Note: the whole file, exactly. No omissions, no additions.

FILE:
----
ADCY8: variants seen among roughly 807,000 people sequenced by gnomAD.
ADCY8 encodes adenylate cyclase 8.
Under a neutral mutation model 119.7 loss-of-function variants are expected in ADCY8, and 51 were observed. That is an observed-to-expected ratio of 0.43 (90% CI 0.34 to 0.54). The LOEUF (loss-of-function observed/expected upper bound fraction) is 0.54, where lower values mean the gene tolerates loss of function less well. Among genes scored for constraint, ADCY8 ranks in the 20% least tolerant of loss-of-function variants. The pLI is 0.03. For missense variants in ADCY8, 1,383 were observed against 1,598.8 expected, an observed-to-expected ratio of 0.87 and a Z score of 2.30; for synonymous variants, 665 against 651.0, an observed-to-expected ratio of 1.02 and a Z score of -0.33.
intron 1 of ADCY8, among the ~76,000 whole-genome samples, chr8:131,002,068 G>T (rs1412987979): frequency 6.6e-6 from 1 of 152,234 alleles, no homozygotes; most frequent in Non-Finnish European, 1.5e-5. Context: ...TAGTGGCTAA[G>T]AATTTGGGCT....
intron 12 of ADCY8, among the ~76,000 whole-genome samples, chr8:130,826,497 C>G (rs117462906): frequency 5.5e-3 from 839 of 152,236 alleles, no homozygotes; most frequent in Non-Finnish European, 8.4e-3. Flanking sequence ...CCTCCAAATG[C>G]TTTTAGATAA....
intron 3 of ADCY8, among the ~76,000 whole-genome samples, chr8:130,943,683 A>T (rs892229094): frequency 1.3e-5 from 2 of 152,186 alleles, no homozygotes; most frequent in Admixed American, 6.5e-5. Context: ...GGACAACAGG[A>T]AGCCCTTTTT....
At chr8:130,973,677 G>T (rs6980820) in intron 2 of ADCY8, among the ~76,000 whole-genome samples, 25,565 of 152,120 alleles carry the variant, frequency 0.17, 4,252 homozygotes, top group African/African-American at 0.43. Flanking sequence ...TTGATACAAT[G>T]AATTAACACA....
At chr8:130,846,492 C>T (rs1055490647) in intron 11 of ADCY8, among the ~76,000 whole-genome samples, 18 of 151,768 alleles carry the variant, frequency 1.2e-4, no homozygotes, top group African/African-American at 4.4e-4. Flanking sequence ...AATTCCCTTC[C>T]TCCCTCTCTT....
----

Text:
ADCY8: variants seen among roughly 807,000 people sequenced by gnomAD.
ADCY8 encodes adenylate cyclase 8.
Under a neutral mutation model 119.7 loss-of-function variants are expected in ADCY8, and 51 were observed. That is an observed-to-expected ratio of 0.43 (90% CI 0.34 to 0.54). The LOEUF (loss-of-function observed/expected upper bound fraction) is 0.54, where lower values mean the gene tolerates loss of function less well. Among genes scored for constraint, ADCY8 ranks in the 20% least tolerant of loss-of-function variants. The pLI is 0.03. For missense variants in ADCY8, 1,383 were observed against 1,598.8 expected, an observed-to-expected ratio of 0.87 and a Z score of 2.30; for synonymous variants, 665 against 651.0, an observed-to-expected ratio of 1.02 and a Z score of -0.33.
intron 1 of ADCY8, among the ~76,000 whole-genome samples, chr8:131,002,068 G>T (rs1412987979): frequency 6.6e-6 from 1 of 152,234 alleles, no homozygotes; most frequent in Non-Finnish European, 1.5e-5. Context: ...TAGTGGCTAA[G>T]AATTTGGGCT....
intron 12 of ADCY8, among the ~76,000 whole-genome samples, chr8:130,826,497 C>G (rs117462906): frequency 5.5e-3 from 839 of 152,236 alleles, no homozygotes; most frequent in Non-Finnish European, 8.4e-3. Flanking sequence ...CCTCCAAATG[C>G]TTTTAGATAA....
intron 3 of ADCY8, among the ~76,000 whole-genome samples, chr8:130,943,683 A>T (rs892229094): frequency 1.3e-5 from 2 of 152,186 alleles, no homozygotes; most frequent in Admixed American, 6.5e-5. Context: ...GGACAACAGG[A>T]AGCCCTTTTT....
At chr8:130,973,677 G>T (rs6980820) in intron 2 of ADCY8, among the ~76,000 whole-genome samples, 25,565 of 152,120 alleles carry the variant, frequency 0.17, 4,252 homozygotes, top group African/African-American at 0.43. Flanking sequence ...TTGATACAAT[G>T]AATTAACACA....
At chr8:130,846,492 C>T (rs1055490647) in intron 11 of ADCY8, among the ~76,000 whole-genome samples, 18 of 151,768 alleles carry the variant, frequency 1.2e-4, no homozygotes, top group African/African-American at 4.4e-4. Flanking sequence ...AATTCCCTTC[C>T]TCCCTCTCTT....